“Broadly speaking, if they’re trying to engage unaffiliated Jewish students, it doesn’t seem that putting their names on an Israeli government list is going to achieve anything positive,” he said.

Open Hillel, a movement of Jewish students out to promote open discourse about Israel on college campuses, issued a statement noting that “Mosaic United’s database confirms what students have been saying for nearly a year – that this project is aimed at surveillance and indoctrination. Hillel must cut ties with Mosaic and answer to students, rather than to Naftali Bennett and the Diaspora Affairs Ministry.”

Professor David Biale, a leader of the newly formed Jewish Studies Activists Network, said Mosaic United could not have chosen a worse time for such an initiative. "With the heightened scrutiny of social media for succumbing to manipulation by Russian hackers during the U.S. election, the initiative, no matter how well-meaning, looks like another form of manipulation,” said Biale, a professor of Jewish history at the University of California, Davis. "Instead of micro-targeting Jewish students, how about investing in intellectually stimulating programming to engage them?"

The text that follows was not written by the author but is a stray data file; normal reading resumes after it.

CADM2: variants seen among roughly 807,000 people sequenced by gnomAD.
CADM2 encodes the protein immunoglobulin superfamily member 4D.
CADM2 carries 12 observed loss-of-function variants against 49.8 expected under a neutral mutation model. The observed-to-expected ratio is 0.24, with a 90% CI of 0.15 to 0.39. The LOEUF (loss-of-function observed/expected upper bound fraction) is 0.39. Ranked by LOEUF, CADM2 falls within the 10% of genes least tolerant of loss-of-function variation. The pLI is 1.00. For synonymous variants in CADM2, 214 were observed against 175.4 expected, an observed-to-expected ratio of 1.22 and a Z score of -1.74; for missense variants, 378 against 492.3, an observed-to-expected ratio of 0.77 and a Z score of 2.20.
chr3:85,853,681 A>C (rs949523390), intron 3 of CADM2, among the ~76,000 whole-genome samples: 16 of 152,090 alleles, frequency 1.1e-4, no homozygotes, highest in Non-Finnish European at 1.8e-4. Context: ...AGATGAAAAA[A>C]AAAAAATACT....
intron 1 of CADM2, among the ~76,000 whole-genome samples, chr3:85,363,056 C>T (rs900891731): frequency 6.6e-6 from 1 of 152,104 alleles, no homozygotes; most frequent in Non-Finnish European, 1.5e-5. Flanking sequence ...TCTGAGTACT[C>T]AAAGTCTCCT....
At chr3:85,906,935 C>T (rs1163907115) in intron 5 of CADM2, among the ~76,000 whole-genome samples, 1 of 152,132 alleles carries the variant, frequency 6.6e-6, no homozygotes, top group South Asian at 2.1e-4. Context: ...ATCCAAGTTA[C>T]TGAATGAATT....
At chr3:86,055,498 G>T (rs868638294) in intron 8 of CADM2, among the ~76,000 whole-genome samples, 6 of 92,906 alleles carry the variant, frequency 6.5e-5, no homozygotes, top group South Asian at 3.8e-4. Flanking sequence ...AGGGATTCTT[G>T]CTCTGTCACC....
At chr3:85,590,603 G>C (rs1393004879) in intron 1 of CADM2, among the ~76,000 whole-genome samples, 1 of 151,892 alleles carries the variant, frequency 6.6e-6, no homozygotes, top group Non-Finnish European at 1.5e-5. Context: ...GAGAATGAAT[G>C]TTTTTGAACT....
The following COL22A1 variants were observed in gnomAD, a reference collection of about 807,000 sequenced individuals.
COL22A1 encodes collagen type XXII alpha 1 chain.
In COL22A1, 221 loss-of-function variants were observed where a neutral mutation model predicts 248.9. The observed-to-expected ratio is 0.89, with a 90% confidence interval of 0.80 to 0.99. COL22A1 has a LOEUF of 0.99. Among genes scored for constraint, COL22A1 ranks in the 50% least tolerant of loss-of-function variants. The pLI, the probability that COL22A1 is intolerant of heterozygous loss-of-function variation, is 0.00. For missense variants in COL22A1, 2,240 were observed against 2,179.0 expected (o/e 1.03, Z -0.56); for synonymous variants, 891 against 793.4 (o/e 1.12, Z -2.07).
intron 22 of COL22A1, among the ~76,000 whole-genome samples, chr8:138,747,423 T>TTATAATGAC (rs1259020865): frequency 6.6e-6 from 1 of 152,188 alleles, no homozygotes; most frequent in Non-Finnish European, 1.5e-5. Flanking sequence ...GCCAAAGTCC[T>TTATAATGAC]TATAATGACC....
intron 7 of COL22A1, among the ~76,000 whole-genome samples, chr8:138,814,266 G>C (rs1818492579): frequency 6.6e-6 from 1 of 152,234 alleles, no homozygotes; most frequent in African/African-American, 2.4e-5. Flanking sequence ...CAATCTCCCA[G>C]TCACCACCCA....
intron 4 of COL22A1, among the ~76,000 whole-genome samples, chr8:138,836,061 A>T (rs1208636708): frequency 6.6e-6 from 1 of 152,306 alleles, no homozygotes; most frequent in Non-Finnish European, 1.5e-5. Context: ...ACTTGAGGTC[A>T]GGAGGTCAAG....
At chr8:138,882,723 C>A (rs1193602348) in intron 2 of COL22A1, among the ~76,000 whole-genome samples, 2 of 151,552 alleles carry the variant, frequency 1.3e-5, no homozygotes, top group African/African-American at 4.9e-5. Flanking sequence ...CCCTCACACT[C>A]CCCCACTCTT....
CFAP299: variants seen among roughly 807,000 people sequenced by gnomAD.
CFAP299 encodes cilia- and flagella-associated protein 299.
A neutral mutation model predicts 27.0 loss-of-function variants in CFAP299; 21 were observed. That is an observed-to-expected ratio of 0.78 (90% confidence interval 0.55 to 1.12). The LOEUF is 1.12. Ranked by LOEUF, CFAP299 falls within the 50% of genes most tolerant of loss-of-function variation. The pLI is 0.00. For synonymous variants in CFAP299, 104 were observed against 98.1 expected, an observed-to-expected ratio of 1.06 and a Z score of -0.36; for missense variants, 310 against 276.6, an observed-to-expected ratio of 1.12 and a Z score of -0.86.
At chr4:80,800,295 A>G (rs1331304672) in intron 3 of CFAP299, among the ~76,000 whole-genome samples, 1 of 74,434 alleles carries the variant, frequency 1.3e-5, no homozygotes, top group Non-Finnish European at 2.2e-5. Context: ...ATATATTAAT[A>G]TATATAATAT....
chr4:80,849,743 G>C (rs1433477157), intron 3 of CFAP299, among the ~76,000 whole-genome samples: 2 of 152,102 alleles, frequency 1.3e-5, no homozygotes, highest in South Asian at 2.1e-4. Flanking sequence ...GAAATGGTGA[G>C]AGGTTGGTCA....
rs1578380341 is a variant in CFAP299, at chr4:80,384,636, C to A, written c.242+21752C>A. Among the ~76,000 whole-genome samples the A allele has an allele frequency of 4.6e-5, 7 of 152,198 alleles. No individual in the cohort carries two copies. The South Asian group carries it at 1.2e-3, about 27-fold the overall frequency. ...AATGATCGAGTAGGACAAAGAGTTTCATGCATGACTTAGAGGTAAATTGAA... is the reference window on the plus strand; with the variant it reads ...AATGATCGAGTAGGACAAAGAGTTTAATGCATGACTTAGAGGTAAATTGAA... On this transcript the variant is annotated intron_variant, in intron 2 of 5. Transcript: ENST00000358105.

Mosaic United had initially envisioned a multistage project that would include building a database that included the names of all 350,000 Jewish students in the United States; breaking students down into subgroups according to criteria that would be determined in consultation with the Israeli government; identifying and creating content relevant to Jewish students, including both interactive material (links to articles, photos, video and audio clips) and information about Jewish and Israel-related events taking place on campuses; distributing content customized to the needs and interests of each student – based on his or her profile – over social media and other channels; and formulating criteria for measuring success.

“The goal is to bring a student not active today in activities connected to Judaism/Israel (roughly 85 percent) to participate in online and local campus activities numerous times and continuously,” the tender had stated.